• Francois Tremblay July 14, 2012 at 19:28

          “If you concede that there is some circumstance in which sexual depictions can be “excluded from criticism” then by definition you are conceding that it is not sexual depiction itself that is the issue. But when I pointed this out, you said false. This is a contradiction.”
          No… there is no contradiction here. I already told you that I am excluding the tiny minority of sexual depictions which do not exploit women. When I talk about pornography, I am talking about everything else. I have excluded such depictions by definition because they are not important to the topic.

          • Grey Coast Heretic July 14, 2012 at 19:32

            Once you make an exception and say that certain sexual depiction – no matter how large or small – is okay, then it is no longer true that all sexual depiction is the problem. Which means we now need for you to clarify the difference between sexual depictions that do not exploit women and those that do, and why you are the appropriate person to judge that – what criteria do you apply?

  3. Grey Coast Heretic July 14, 2012 at 20:05

    You wrote: “When it exploits women.” There’s nothing defensive, in my mind, about asking clarifying questions. So how do you define exploitation? You’ve already indicated, I think, that its not as simple to you as asking individual women to define for themselves what is exploitative. There is a community standard or cultural criteria you seem to imply. So what is it? Make makes on sexual depiction exploitative while another – regardless of whether it is rare or not – is not? This is not a loaded or trick question – I too recognize the reality of exploitation. But its not enough just to recognize that “it happens.” If we don’t wrestle hard with the concrete specifics of what makes something exploitative, we will never get to root issues and will instead just be stuck with vague moralizing that accomplishes nothing, however cathartic it might be. So to me, this seems like a really important tasks, even if its difficult and frustrating at times.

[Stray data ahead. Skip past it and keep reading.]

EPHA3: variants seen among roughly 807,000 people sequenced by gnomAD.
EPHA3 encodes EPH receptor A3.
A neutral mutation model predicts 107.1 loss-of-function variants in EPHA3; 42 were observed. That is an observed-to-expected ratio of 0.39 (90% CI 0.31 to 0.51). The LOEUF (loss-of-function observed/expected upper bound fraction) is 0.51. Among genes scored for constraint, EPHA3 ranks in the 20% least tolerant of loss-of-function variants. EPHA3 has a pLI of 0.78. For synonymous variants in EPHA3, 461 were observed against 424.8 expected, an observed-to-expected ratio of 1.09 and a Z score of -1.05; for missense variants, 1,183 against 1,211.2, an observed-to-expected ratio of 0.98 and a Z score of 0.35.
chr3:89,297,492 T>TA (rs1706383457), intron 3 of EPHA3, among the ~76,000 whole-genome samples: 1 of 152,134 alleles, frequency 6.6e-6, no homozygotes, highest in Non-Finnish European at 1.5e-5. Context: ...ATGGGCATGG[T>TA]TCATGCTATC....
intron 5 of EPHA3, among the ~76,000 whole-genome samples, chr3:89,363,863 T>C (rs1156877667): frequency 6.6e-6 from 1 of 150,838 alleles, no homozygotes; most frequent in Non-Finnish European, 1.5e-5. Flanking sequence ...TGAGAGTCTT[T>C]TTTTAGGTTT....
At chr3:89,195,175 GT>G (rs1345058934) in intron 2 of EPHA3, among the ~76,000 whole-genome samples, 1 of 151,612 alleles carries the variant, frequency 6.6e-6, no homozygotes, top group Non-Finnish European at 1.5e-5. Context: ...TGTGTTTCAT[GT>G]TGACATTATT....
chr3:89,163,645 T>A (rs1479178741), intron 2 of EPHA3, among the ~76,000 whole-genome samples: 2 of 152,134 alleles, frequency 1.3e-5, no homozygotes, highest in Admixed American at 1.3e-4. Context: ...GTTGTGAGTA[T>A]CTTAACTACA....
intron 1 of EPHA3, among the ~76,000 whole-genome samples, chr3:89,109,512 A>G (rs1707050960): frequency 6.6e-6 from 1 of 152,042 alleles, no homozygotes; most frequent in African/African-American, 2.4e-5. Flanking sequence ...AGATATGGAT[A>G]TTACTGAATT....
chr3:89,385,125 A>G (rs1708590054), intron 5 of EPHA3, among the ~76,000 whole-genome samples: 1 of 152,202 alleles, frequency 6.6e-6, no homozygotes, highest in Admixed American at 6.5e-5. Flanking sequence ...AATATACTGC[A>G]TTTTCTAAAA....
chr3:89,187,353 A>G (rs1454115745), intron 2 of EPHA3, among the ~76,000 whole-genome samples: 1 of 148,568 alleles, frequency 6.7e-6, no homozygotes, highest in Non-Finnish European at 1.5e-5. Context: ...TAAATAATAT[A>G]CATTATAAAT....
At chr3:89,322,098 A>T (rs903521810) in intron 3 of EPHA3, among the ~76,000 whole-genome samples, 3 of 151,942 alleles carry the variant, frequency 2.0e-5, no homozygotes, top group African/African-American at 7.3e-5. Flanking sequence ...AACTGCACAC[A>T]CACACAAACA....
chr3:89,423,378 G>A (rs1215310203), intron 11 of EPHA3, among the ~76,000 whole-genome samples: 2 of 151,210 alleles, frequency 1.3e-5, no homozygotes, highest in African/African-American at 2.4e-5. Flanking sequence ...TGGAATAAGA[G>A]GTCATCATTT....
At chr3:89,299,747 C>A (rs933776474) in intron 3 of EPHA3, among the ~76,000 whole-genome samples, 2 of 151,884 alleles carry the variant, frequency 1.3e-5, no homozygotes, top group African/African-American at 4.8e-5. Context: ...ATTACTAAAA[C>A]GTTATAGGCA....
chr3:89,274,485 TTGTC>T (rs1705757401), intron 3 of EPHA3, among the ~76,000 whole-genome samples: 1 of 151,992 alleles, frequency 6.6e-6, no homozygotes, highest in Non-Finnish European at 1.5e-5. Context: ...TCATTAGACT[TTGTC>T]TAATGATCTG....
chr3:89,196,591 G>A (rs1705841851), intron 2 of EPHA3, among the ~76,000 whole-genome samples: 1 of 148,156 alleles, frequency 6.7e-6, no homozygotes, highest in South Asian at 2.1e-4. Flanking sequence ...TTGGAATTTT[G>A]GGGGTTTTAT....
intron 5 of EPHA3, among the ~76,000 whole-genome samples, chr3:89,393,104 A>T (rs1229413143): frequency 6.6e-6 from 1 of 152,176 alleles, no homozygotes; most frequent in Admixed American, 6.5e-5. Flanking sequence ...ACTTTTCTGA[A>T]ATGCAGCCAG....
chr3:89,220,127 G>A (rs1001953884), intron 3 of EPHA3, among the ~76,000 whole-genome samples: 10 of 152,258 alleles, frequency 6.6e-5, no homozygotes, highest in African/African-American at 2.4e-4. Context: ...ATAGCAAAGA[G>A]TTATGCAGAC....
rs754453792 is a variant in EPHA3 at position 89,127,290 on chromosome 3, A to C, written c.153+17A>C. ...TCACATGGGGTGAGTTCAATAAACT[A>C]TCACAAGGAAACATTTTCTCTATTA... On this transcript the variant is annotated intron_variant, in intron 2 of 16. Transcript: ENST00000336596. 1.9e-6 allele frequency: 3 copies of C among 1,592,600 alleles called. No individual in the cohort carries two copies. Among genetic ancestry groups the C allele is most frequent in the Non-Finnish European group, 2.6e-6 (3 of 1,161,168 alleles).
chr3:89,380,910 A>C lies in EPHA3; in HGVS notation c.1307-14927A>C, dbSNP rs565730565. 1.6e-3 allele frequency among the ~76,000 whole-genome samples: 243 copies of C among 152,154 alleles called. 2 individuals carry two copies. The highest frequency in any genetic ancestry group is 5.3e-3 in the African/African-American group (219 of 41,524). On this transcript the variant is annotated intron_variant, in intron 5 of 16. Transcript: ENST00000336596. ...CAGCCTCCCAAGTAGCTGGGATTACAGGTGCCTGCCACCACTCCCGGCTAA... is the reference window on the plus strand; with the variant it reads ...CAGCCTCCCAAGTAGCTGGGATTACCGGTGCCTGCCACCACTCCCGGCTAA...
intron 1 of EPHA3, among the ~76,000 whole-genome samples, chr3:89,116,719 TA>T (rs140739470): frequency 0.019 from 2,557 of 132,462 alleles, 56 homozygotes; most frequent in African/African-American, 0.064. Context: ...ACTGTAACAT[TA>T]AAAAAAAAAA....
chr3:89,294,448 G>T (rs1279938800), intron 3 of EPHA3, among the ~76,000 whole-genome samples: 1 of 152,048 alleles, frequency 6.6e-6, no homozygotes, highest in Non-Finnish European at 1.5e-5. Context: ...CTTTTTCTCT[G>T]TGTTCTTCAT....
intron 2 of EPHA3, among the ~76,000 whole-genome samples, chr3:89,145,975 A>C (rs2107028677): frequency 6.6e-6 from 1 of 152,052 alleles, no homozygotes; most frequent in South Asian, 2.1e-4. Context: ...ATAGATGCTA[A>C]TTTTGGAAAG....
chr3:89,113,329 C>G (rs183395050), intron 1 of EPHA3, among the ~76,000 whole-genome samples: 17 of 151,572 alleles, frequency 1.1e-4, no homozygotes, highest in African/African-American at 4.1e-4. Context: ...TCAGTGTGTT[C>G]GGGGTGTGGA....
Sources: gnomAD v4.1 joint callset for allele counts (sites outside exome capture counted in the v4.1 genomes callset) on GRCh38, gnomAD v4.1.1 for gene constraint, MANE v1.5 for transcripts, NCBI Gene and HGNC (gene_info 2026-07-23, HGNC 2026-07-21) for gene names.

• Francois Tremblay July 14, 2012 at 20:12

      I define exploitation as using people’s limited resources or freedom to make them do things they wouldn’t otherwise do.
      Obviously in the case of pornography this is harder to say. I draw the line at the depiction of anything lower than enthusiastic consent done in an egalitarian setting (e.g. Abby Winters type stuff).

      • Grey Coast Heretic July 14, 2012 at 20:46